Since the start of the year, the number of companies eying Whitfield County as a possibility for a new or expanded facility has jumped dramatically, says Elyse Cochran, executive director of the Dalton-Whitfield Joint Development Authority.
“We have gone from an average of 1.5 projects coming in a month. Now, we are averaging two new projects a week. That’s the sort of difference we are seeing,” she said.
What has driven up the interest in Whitfield County? Cochran says a number of factors are coming together, but key was the October 2011 decision by the Whitfield County Board of Commissioners to raise the “freeport” property tax exemption for many types of inventory to 100 percent from 20 percent, effective at the start of this year.
“Is that activity specifically due to freeport alone? No, we can’t measure that. But it is one of a number of things that we and local governments have been working on,” Cochran said. “We now have the Carbondale industrial park, one of 17 certified development sites. We’ve been doing aggressive marketing for the past four years, and that has started to pay off. And now we have 100 percent freeport.”
Cochran says that 100 percent freeport makes the Carbondale Business Park even more attractive to companies because much of their inventory there will be untaxed.
Cochran says the type of firms that are looking at Whitfield County indicates that freeport is a key part of the equation.
“The majority of the projects we are getting now are automotive part suppliers. They typically maintain a lot of inventory, so I think we can assume that freeport is a key factor for where those projects will locate,” she said.
But Cochran admits that so far Whitfield County hasn’t landed a big project because of freeport.
Board of Commissioners Chairman Mike Babb says he knows that local residents are waiting for such a project.
“We knew this would be a long-term investment that would have a short-term cost. But we did it because we knew it would make us more competitive,” Babb said.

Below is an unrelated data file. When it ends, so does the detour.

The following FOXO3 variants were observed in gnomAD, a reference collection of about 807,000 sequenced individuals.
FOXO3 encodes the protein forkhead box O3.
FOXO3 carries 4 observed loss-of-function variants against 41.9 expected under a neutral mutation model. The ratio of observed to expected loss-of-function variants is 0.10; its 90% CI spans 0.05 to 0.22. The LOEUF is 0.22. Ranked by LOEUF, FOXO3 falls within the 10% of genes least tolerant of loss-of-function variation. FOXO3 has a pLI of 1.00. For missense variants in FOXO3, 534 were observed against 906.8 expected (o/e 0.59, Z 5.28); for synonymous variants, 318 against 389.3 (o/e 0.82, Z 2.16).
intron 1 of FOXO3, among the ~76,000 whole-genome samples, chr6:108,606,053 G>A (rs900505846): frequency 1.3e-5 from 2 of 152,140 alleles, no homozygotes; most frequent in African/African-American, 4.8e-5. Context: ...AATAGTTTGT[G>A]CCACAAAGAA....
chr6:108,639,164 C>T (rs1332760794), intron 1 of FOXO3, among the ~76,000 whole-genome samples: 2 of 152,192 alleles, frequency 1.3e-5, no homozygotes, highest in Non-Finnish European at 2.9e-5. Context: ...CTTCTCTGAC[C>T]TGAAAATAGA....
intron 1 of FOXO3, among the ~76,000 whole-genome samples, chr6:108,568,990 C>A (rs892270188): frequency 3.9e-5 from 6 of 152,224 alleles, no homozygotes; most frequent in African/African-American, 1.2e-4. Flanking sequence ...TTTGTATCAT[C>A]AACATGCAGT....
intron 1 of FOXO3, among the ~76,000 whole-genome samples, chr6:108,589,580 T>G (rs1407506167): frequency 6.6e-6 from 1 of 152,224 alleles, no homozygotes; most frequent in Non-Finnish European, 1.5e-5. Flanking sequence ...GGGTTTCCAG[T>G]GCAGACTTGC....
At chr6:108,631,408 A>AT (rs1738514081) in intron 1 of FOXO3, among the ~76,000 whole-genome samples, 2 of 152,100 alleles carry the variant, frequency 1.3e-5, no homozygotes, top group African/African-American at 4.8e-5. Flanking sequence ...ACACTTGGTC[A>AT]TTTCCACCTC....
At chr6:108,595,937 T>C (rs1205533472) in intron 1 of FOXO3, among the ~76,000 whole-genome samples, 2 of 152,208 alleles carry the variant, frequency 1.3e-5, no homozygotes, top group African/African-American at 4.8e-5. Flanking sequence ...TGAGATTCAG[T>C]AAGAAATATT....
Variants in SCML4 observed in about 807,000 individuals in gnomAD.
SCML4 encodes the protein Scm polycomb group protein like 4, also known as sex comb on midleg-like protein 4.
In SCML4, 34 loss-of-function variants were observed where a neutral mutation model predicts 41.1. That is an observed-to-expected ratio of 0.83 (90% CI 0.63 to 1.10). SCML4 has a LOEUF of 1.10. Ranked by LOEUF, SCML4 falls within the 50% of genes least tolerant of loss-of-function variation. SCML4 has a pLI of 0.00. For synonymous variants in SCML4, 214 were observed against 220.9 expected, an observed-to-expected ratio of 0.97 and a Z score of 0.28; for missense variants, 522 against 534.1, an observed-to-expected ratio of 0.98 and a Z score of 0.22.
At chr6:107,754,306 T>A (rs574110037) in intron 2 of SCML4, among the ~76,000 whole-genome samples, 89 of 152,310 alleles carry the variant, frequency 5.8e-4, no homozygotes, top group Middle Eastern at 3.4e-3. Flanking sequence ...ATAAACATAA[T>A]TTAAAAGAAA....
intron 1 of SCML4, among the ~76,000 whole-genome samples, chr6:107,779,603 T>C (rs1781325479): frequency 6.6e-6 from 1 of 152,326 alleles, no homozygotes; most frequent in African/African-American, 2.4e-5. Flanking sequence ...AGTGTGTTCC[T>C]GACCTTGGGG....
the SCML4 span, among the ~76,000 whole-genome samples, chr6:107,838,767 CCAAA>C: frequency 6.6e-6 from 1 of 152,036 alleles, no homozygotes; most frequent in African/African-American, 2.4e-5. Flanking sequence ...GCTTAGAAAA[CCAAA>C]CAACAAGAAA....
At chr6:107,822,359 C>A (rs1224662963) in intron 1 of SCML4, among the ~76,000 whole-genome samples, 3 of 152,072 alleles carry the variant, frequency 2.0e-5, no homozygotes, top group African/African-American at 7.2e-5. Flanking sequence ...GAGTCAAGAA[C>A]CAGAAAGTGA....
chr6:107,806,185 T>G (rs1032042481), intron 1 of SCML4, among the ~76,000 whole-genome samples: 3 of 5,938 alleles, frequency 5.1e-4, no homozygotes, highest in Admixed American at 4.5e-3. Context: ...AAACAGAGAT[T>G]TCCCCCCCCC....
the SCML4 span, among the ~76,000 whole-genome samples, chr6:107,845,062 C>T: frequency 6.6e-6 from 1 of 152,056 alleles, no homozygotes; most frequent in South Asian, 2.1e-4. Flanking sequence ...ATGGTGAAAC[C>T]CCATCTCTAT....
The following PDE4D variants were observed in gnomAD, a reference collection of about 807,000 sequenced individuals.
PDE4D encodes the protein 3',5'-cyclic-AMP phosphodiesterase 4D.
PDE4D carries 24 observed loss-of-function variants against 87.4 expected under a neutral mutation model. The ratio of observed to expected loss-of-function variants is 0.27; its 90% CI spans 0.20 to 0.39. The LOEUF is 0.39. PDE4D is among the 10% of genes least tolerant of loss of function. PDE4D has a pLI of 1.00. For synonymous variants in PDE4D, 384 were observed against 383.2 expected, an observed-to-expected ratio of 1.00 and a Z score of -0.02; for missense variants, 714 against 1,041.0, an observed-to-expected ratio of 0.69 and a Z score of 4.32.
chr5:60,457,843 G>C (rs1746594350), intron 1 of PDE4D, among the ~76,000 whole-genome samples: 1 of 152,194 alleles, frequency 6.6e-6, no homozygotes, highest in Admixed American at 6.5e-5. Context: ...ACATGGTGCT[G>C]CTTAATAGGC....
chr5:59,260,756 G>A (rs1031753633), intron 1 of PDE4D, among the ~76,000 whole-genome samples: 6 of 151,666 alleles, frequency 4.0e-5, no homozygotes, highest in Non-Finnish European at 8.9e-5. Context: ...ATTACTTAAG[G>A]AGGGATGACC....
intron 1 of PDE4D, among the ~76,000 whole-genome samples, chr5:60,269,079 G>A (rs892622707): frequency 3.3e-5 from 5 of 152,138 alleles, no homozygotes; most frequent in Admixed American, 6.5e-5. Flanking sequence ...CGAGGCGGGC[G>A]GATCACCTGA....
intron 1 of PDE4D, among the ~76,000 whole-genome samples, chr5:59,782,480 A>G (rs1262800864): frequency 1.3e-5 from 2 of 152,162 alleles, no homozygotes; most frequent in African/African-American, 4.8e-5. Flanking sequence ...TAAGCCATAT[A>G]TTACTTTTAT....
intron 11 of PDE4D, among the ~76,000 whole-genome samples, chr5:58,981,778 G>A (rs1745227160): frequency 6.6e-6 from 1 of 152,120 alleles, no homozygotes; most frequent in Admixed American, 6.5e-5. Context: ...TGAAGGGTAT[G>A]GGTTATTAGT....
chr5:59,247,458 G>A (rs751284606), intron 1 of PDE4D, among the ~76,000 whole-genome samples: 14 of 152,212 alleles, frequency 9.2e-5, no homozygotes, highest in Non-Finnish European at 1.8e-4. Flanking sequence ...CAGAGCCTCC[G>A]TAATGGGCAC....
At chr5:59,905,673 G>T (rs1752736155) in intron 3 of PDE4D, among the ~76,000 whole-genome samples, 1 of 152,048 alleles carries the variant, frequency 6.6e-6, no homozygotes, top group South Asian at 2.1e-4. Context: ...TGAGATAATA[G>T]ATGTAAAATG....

The move cost the county budget some $2 million this year, almost equal to the revenue that will be generated by the 1-mill property tax increase the board approved in October. It also cost Whitfield County Schools about $3 million this year, or about half the revenue that will be generated by the 4-mill tax increase the Board of Education approved in September.
“I wouldn’t say that we regret the decision. But I would say that if we had it to do all over again we would have raised it 20 percent a year, which I think was the original plan, and not all at once,” Babb said.
After voters approved freeport in 2008, the board set the exemption at 20 percent, which was unchanged until last year.
Babb said commissioners were spurred to act following the announcement last year that Lowe’s would locate a distribution center in Floyd County that is expected to employ 600 when it is fully up and running in 2016. Local officials believed that with its access to I-75 and two railroads, Whitfield County might make a good site for such a center, but the county was never considered.
“We were never under consideration for the Lowe’s distribution center simply because we didn’t have 100 percent freeport,” Cochran said.
Dalton to keep exemption at 20 percent
Though the county has moved to 100 percent freeport, Dalton Mayor David Pennington has said city officials have no plans at this time to increase the city’s exemption from 20 percent.
“We’ve said all along that we are not going to move if it’s going to hurt the school system, and right now they are telling us they can’t afford it,” he said.
Does that put the city at a disadvantage?
“To attract some of these prospects we are trying to attract, we abate their taxes anyway, so going to 100 percent isn’t really going to make much of a difference if their taxes are abated,” Pennington said.
He said freeport is part of the city’s plan to attract new business but not the only part.
“We asked voters to approve freeport (in 2008) because we stuck out on a map then as one of the few places without any sort of freeport,” Pennington said. “But if the county is getting more inquires because of freeport, is it going to get fewer because the county schools increase their tax rate and the Board of Commissioners increase their tax rate? When you cut one tax and increase another to make up for it, I’m not sure you’ve gained anything.”
Cochran says freeport is only one component in what firms look for when deciding where to locate or expand. But she says it’s often one of the first they look at and a community can get ruled out quickly based on it.
“Most states in the Southeast have a statewide exemption on inventory taxes, so I think most companies are looking for that. There are very few counties left in north Georgia that don’t have some freeport exemption, and more and more counties on the interstate have gone to 100 percent or are moving there,” she said.